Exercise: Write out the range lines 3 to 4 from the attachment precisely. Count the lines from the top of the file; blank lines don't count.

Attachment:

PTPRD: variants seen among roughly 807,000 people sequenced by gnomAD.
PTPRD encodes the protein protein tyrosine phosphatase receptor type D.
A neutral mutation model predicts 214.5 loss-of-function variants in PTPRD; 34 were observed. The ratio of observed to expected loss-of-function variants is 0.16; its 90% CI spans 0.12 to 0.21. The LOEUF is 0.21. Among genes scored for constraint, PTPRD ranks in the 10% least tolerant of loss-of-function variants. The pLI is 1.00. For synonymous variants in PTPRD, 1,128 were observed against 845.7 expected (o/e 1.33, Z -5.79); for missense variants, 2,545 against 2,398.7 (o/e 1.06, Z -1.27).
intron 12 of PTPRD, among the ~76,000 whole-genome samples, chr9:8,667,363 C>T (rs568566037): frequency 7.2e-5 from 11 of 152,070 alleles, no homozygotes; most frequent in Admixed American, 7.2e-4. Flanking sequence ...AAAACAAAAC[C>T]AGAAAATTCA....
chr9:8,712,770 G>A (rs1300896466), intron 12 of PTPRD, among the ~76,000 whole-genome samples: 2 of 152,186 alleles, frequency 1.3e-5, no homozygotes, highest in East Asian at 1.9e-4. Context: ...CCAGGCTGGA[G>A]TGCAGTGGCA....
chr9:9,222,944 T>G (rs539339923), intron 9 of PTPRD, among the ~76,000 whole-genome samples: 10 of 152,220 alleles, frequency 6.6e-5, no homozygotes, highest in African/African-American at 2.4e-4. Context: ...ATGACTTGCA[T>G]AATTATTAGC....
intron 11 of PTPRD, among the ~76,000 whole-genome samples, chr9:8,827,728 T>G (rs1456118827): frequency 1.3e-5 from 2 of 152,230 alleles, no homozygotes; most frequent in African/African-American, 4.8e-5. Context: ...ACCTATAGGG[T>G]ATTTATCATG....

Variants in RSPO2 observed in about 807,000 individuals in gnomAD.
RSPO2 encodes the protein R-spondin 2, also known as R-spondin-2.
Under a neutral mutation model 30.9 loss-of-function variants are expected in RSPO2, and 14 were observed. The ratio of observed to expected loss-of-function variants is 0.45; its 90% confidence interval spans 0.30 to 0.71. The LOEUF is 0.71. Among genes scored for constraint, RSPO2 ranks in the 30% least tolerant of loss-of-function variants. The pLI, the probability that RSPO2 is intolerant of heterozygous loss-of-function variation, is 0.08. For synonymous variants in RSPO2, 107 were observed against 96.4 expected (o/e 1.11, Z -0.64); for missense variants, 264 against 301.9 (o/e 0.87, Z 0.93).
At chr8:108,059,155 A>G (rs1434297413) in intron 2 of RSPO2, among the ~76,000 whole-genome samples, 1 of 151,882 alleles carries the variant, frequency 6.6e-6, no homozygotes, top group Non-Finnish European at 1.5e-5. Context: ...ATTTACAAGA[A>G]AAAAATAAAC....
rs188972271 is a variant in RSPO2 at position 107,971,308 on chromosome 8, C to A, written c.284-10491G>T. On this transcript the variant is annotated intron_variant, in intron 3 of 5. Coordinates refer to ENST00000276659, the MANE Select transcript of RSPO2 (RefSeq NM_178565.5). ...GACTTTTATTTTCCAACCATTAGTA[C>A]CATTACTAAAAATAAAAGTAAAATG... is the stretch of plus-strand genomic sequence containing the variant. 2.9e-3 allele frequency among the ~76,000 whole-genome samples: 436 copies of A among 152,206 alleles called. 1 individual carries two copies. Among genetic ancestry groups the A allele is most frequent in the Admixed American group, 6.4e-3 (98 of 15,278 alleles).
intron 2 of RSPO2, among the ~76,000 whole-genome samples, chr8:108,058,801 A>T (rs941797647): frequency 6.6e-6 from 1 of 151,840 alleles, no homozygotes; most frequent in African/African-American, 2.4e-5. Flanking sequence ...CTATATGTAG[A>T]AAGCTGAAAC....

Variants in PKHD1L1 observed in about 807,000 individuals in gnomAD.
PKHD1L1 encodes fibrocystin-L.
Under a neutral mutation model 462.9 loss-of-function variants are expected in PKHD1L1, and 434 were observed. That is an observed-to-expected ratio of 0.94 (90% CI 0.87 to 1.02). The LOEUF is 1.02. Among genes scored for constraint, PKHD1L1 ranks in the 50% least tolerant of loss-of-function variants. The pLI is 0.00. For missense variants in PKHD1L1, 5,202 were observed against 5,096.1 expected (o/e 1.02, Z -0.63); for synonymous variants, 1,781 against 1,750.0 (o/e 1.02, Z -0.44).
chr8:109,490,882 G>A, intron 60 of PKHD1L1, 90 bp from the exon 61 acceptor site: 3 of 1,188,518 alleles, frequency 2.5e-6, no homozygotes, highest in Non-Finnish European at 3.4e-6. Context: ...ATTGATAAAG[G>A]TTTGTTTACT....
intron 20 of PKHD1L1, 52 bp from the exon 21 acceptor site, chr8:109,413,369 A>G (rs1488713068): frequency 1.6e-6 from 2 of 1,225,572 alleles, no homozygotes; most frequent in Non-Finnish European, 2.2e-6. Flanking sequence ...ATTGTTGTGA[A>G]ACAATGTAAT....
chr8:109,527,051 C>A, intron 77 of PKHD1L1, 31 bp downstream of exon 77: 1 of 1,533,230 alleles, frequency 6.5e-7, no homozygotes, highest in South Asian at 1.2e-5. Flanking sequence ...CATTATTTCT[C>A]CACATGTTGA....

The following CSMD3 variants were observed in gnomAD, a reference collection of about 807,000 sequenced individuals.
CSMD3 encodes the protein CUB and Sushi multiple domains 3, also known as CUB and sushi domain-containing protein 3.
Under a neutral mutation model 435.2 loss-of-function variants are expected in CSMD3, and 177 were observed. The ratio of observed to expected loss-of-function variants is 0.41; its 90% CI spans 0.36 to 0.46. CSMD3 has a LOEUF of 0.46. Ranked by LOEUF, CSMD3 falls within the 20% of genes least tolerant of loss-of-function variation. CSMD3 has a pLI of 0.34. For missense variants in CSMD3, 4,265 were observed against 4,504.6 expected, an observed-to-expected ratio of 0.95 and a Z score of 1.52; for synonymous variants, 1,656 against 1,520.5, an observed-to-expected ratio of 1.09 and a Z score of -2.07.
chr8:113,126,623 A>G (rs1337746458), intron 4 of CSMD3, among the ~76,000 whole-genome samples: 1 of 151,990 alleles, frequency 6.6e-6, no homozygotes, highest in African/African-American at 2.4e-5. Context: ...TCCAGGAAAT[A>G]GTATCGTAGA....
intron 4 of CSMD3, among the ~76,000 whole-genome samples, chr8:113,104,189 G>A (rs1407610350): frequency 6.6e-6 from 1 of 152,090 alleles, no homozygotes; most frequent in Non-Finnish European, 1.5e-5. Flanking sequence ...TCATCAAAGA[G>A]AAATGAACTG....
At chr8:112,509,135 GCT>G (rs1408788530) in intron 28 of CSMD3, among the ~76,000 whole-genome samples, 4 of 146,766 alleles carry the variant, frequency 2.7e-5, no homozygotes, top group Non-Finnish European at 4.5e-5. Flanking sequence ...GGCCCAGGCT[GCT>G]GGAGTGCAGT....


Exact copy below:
A neutral mutation model predicts 214.5 loss-of-function variants in PTPRD; 34 were observed. The ratio of observed to expected loss-of-function variants is 0.16; its 90% CI spans 0.12 to 0.21. The LOEUF is 0.21. Among genes scored for constraint, PTPRD ranks in the 10% least tolerant of loss-of-function variants. The pLI is 1.00. For synonymous variants in PTPRD, 1,128 were observed against 845.7 expected (o/e 1.33, Z -5.79); for missense variants, 2,545 against 2,398.7 (o/e 1.06, Z -1.27).
intron 12 of PTPRD, among the ~76,000 whole-genome samples, chr9:8,667,363 C>T (rs568566037): frequency 7.2e-5 from 11 of 152,070 alleles, no homozygotes; most frequent in Admixed American, 7.2e-4. Flanking sequence ...AAAACAAAAC[C>T]AGAAAATTCA....